Ocado should remain British: It would be technical vandalism if it were sold to Amazon or another predator abroad, says ALEX BRUMMER
- Ocado is a pioneer and brings inventiveness to retail chains around the world
- Short sellers have decided that the ambition of a robotic retail platform is overhyped
- We must not forget that Ocado is a fantastic technical success story
British politicians, of all parties, are great at coming up with memorable phrases referencing our technological and manufacturing greatness.
The late great Harold Wilson invented the ‘white heat of technology’ way back in 1963.
Since then we’ve had all kinds of slogans, from Tony Blair’s ‘Cool Britannia’ to George Osborne’s ‘march of the makers’. Current Chancellor Jeremy Hunt has pledged to ‘make Britain the world’s next Silicon Valley’ and Labor leader Keir Starmer has been endlessly promoting his ‘green new deal’.
But despite the fact that Britain is home to at least four of the world’s top research universities and has the largest pull for high-tech, AI and biotech investment in Europe, poor productivity and wasteful use of the creative capacity of the land we slowly slide down. global ranking of output per capita – the wealth created by each citizen.
One of the many reasons for this happening is the extreme financing that drives our economy. It may have given us the resounding success of the City of London – British financial and professional services lead the world – but it has seriously damaged our industrial, innovative and technological capacity.
Dinky-toy colorful vans: Ocado is a pioneer of technology, software and robots, bringing its inventiveness to retail chains around the world
None of the aspirations laid out in politicians’ slick expressions have been fully realized and, if history is any guide, Starmer’s green revolution, at an expected cost of £28bn a year, will head in the same direction.
The stop-start of the UK’s largest infrastructure project, the visionary HS2 high-speed rail line linking Euston to Birmingham and the North, is a case in point.
In recent days we have seen another piece of British technology put to the sword. Short sellers of shares decided some time ago that the much-vaunted ambition of the robotic retail platform Ocado has been overhyped, causing the stock to fall into the doldrums. Yes, the company suffered a loss of £500m last year and its UK retail partnership with Marks & Spencer has so far been unsuccessful.
But we must not forget that Ocado is a fantastic technical success story.
The Customer Fulfillment Centers are sold all over the world, from darkest Peru to North America.
The revenue for Tim Steiner’s creation will come, but as with all technology platforms – Amazon being the most glaring example – it won’t just happen. It takes time.
That is why our politicians, asset managers and those who sincerely believe that the UK could be its own Silicon Valley should be very concerned about the volatile rally in Ocado stocks. It doesn’t really matter if the suitor turns out to be Amazon or someone else.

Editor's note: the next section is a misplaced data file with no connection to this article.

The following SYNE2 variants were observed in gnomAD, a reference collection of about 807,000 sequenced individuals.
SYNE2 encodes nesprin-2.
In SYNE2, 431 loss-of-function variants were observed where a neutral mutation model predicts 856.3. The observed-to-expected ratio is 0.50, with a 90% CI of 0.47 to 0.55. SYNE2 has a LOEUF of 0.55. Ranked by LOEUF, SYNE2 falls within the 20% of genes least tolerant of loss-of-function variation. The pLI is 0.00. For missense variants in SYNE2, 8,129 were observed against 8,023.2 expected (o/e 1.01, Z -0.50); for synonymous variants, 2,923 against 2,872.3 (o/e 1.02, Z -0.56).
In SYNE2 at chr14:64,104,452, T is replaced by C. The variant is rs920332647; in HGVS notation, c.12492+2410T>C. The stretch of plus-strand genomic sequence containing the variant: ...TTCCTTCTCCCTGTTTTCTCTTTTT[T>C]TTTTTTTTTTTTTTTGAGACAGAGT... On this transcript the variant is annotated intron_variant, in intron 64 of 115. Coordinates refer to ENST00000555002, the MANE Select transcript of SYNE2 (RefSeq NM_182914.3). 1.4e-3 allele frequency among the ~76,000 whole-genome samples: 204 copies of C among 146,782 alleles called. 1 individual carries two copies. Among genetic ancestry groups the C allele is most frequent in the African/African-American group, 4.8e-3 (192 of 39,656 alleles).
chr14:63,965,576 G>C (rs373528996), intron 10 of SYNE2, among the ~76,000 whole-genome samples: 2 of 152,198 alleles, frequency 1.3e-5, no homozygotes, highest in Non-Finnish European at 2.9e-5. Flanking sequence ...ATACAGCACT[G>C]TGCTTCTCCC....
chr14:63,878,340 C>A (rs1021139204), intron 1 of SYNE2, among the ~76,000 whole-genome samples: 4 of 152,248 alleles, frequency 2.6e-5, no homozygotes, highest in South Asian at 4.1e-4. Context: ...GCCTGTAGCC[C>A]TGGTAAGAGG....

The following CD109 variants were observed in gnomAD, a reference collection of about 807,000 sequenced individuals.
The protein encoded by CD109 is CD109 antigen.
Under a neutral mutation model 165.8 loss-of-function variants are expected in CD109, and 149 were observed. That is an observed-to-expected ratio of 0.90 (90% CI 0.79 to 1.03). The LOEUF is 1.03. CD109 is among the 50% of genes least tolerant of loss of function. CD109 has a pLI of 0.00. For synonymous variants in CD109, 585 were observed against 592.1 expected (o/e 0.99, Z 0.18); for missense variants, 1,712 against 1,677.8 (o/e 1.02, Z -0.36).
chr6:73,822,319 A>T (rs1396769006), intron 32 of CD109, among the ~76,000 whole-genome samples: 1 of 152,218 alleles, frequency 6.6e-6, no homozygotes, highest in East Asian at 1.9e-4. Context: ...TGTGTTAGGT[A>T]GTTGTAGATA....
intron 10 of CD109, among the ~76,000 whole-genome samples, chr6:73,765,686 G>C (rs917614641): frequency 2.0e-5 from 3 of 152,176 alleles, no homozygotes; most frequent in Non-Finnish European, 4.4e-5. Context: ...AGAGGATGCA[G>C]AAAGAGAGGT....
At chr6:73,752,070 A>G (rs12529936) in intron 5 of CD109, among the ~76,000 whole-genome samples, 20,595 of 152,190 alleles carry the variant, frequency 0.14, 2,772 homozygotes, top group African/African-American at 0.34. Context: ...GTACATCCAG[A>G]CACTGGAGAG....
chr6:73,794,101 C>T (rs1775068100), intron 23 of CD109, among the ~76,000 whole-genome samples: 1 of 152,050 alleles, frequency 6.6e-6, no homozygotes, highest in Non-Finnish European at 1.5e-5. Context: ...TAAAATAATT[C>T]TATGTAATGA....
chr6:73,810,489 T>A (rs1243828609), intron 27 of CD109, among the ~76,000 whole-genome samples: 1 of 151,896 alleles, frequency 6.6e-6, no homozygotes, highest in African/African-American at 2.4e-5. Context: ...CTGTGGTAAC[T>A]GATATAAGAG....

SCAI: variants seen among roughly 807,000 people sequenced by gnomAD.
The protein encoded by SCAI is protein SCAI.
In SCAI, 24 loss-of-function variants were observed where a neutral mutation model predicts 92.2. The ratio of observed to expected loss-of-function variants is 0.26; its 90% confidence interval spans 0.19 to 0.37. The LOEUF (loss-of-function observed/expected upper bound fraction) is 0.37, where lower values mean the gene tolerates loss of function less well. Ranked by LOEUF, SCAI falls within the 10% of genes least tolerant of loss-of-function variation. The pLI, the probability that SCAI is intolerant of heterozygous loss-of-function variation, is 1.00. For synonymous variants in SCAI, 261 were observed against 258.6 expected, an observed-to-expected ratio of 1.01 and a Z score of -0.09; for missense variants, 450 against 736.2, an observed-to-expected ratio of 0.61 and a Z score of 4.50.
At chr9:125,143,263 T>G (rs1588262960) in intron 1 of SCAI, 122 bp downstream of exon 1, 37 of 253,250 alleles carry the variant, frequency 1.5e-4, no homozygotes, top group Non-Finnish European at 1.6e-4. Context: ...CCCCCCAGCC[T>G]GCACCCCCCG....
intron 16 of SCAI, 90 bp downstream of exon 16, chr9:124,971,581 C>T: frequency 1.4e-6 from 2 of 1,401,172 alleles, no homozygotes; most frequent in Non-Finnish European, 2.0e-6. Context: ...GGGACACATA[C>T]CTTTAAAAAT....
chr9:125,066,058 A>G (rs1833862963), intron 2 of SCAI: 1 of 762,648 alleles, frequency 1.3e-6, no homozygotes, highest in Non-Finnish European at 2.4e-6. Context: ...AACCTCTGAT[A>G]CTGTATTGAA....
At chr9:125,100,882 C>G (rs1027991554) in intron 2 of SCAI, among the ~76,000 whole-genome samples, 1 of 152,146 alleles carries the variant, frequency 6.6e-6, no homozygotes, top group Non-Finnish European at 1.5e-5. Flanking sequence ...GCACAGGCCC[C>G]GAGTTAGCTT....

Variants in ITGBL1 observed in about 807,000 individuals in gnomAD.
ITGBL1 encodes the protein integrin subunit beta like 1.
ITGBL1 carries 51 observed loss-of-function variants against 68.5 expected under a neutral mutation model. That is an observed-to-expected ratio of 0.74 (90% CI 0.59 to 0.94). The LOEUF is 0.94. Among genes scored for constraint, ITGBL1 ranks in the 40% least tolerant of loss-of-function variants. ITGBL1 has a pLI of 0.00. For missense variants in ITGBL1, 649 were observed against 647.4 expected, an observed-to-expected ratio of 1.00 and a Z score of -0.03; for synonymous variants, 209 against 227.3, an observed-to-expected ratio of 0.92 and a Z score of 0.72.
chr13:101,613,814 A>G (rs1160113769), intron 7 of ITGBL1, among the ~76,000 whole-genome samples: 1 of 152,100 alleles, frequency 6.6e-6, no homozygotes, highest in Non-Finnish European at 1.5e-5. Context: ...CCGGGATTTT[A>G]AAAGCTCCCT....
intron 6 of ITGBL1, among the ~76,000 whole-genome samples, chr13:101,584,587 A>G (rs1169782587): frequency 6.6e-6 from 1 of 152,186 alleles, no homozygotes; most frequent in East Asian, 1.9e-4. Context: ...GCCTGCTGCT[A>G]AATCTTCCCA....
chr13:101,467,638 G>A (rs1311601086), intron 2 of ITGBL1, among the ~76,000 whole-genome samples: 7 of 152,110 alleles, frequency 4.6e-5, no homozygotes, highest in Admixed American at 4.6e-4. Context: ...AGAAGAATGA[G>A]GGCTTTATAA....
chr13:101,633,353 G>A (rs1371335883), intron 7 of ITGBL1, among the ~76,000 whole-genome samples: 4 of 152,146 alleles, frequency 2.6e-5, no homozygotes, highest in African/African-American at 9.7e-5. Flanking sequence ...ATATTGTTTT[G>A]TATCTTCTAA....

This is not a deal that should happen. Ocado’s second largest investor, fund manager Baillie Gifford, who manages the popular Scottish Mortgage Investment Trust (SMIT) and has a sizeable 12 percent stake, is already expressing concern. It argues that Ocado is ‘tapping a very large market opportunity’ and suggests that it would be a ‘terrible shame’ if one of our leading publicly traded technology companies fell into unsuitable hands given its enormous potential.
We’ve been here many times before. Sadly, despite the stilted rhetoric and recent security protections afforded by the National Security & Investment Act, our leaders have refused to acknowledge how they are marching Britain down the tech hill.
Readers of these pages will be more than familiar with the sad fate of Cambridge-based pioneer Arm Holdings, which could have been the foundation for turning the UK into a semiconductor and AI superpower.
Theresa May’s weak government presided over the marriage, making it a global orphan, while a rival, US-based Nvidia, achieved a $1 trillion valuation.
The FTSE 100 is in danger of becoming a technical wasteland following the desertions of companies such as industrial software leader Aveva, aerospace pioneer Cobham and satellite champion Inmarsat, which was sold this year to US rival Viasat.
Middle-income households in the UK might think of Ocado as the online grocer with the dinky-toy colorful vans patrolling the streets of suburbia. The truth is that it is a pioneer of technology, software and robots, bringing its inventiveness to retail chains around the world, from Kroger in the US to Casino in France and Sobeys in Canada.
It would technically be vandalism if it were sold to Amazon or some other foreign predator.